Student Profile

Rachel Gater

Development of conjunctiva and retinal models for better eye disease
study and treatment.

PhD Supervisor(s): Dr Ying Yang, Dan Nguyen and Alicia El Haj


PhD Summary

Eye diseases such as macular degeneration and glaucoma are leading causes of irreversible blindness. If left untreated any vision lost cannot be regained. Increased intraocular pressure (IOP) due to elevation of aqueous humour pressure within the eye is the primary risk factor for the development of glaucoma, which is a disease with characteristic compositional and structural changes to the optic nerve head (ONH). Increased hydrostatic pressure and mechanical trauma has been shown to initiate and activate glial cells such as astrocytes and Muller cells.

It has been demonstrated that activated glial cells will express matrix metalloproteinases and/or reduce calcium and potassium channel flux. These changes can weaken the architecture of the ONH and facilitate collapse of lamina cribrosa beams, leading to injury and death of the retinal ganglion cells (RGC) that pass through these structures. In glaucoma with current medication and glaucoma filtration surgery (trabeculectomy) it is possible to lower the intraocular pressure and in most circumstances prevent further visual loss as a result of retinal ganglion cell death. Although glaucoma surgery can be successful in the majority of cases, over time over 25% of surgeries fail with subsequent elevation of IOP. Whilst retinal treatment is even less optimal. Surgical failure is related to conjunctival scar tissue formation. One of the mechanisms leading to tissue remodeling and scarring is shear stress as a result of aqueous fluid flow. Fluid shear stress has been reported to stimulate extracellular matrix synthesis in other tissue types.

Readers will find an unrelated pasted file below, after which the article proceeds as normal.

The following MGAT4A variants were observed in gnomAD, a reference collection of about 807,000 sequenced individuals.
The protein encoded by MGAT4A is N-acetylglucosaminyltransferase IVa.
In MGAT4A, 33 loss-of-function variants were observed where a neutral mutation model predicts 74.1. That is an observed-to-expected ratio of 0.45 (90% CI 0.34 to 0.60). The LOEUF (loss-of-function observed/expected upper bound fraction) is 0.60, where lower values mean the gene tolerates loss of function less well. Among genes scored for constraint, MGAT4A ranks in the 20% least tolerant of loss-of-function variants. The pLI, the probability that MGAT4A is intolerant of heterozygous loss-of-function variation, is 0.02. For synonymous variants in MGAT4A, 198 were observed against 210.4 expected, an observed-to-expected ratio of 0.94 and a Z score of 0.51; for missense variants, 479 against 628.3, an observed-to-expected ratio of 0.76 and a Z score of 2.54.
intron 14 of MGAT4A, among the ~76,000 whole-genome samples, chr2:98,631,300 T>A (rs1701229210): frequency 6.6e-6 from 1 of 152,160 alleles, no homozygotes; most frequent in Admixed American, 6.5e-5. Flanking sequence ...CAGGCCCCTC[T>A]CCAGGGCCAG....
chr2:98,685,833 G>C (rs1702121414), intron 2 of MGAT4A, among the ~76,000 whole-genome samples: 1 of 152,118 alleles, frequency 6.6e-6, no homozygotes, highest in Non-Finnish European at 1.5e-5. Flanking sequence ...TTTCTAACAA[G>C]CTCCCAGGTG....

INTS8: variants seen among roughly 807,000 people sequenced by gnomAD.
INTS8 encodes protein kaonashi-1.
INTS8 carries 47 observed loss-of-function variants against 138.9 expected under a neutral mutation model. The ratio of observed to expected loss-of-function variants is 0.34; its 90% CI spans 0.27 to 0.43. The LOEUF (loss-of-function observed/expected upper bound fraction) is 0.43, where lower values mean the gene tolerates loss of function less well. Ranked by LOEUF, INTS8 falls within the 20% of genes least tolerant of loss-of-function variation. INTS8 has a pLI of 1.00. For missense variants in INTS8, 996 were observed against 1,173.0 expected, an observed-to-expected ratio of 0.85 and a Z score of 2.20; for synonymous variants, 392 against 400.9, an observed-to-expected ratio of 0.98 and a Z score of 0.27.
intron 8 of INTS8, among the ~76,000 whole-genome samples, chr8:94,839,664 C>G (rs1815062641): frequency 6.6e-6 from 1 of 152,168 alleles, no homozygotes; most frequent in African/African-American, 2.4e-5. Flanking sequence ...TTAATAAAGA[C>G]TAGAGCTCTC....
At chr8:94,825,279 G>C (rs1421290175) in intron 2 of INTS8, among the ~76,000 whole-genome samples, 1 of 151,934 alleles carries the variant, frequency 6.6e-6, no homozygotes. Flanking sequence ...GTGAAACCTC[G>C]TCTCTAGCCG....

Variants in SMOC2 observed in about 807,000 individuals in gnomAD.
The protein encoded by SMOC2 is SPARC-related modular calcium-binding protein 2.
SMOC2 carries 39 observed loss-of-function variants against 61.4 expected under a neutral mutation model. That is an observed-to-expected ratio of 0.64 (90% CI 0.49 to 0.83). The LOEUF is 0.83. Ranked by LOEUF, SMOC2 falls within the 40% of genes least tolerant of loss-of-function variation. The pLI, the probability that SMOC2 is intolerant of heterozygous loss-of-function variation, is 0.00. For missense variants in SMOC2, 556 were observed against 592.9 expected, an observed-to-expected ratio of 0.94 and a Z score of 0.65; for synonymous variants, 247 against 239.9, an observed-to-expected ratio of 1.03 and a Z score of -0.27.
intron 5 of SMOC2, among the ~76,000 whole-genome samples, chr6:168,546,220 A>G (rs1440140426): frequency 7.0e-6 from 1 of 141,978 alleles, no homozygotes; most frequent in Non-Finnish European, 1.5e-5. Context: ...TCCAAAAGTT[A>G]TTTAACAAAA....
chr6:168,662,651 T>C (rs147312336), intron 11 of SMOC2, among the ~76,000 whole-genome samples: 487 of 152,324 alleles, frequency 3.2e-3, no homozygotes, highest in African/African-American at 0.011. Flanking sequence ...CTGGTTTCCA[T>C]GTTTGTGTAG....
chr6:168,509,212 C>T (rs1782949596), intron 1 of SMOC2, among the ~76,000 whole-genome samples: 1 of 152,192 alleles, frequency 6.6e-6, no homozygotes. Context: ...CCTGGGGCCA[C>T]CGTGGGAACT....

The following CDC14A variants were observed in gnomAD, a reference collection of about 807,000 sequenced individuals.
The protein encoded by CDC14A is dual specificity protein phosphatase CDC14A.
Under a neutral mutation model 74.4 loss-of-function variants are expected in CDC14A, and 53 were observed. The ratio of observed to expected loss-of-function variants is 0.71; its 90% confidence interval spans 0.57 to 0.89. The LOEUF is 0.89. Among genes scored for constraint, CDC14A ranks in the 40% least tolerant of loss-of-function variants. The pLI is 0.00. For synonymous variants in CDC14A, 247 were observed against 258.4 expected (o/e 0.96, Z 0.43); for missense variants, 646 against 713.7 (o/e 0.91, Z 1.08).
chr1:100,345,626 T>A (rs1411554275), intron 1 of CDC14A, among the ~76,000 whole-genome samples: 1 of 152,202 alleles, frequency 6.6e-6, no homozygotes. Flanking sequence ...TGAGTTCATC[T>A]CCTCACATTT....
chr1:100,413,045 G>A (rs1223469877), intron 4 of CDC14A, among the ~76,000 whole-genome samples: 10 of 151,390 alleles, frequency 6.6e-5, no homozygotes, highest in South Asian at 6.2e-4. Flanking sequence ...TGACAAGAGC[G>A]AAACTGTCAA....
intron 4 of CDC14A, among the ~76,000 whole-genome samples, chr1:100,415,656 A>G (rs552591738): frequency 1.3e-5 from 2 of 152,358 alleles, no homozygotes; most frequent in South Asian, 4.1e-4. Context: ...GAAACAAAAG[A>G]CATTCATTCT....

Establishment of better retinal and conjunctival tissue models to investigate the regeneration of retinal cellular community and reduce the failure rate of trabeculectomy surgery are highly demanded.

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